How Can Strategies Foster or Destroy Cooperation?

Direct reciprocity is one of the main theories to explain cooperation among humans. It's been studied for at least 50 or 60 years, but work over the last six years has allowed for a completely new look at this idea.   (Image: via   pixabay  /  CC0 1.0)
Direct reciprocity is one of the main theories to explain cooperation among humans. It's been studied for at least 50 or 60 years, but work over the last six years has allowed for a completely new look at this idea. (Image: via pixabay / CC0 1.0)

If you’re an optimist, you probably believe that humanity is inherently cooperative and willing to sacrifice for the greater good of all. If you’re a pessimist, on the other hand, chances are you believe that, in the end, people will always do what is in their own self-interest.

But if you’re Martin Nowak, you know that the truth is that it’s a matter of context.

A Professor of Mathematics and Biology, and Director of the Program for Evolutionary Dynamics, Nowak is the senior author of a study that showed, across repeated interactions, the environment individuals find themselves in can effect whether they act as either partners or rivals.

The study is described in a recently-published paper in Nature Human Behavior. Nowak said in a statement:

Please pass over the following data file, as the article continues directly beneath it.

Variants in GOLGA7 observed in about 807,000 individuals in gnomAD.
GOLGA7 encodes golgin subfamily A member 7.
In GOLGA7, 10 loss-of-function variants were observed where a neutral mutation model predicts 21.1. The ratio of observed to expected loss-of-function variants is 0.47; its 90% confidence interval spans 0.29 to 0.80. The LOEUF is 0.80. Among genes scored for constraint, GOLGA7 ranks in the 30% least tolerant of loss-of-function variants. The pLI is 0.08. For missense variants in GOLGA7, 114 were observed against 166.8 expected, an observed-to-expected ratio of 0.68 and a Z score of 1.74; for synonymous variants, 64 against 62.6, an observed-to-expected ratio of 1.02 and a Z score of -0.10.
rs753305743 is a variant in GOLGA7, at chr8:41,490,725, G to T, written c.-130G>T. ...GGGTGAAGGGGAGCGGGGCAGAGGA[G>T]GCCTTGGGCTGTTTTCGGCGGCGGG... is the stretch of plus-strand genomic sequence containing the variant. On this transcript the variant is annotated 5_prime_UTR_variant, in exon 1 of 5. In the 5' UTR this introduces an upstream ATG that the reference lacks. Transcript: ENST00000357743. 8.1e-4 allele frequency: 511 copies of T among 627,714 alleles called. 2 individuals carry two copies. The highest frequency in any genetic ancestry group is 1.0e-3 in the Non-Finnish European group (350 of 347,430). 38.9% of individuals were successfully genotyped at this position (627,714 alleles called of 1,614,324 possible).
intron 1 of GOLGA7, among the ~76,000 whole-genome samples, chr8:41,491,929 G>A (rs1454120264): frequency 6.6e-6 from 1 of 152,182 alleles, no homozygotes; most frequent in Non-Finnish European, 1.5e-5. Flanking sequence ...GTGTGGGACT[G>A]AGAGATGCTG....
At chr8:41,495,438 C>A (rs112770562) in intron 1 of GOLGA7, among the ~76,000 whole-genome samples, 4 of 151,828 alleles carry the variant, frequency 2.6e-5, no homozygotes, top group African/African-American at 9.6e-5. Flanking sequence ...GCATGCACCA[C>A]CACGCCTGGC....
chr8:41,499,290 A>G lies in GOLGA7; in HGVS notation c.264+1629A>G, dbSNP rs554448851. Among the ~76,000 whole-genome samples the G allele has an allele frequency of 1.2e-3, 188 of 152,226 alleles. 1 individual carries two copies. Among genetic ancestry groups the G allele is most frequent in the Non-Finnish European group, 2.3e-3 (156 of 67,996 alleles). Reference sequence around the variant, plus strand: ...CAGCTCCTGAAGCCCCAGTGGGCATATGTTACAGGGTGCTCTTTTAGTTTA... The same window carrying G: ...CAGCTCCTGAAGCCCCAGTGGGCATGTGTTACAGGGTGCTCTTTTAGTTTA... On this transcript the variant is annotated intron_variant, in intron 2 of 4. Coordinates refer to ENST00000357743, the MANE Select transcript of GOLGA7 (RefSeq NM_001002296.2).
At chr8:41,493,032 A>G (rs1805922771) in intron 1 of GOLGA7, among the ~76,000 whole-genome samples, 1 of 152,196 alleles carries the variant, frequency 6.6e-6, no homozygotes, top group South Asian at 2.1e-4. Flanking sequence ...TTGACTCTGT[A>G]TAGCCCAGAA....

To understand how different strategies can emerge in direct reciprocity situations, Nowak and colleagues Christian Hilbe and Krishnendu Chatterjee (both from the Institute of Science and Technology, Austria) began with a classic paradigm from game theory — the prisoner’s dilemma.

The game works like this: when faced with the chance to interact, two individuals must decide whether to cooperate or defect. If both cooperate, both receive a reward.

If one person defects while the other chooses to cooperate, the defector collects a larger reward, while the other person gets nothing. If both defect, both receive a reward, albeit one that is smaller than the reward for cooperation.

If players behave in a purely logical fashion, the best strategy is to defect, because it is in their self-interest to try to maximize their reward. Nowak explained:

While that realization might seem to push players toward cooperation, the partner strategy is not one where players simply cooperate all the time, Nowak said:

Someone playing a partner strategy can’t simply keep cooperating — if they did, it would be easy for other players to exploit them. While a partner may sometimes retaliate by defecting, they are also willing to return to cooperation in later rounds. Nowak said:

The rival strategy, by comparison, is all about putting yourself first.

In addition to shedding light on how cooperation might evolve in a society, Nowak believes the study offers an instructive example of how to foster cooperation among individuals. Nowak explained that:

Provided by: Harvard University [Note: Materials may be edited for content and length.]

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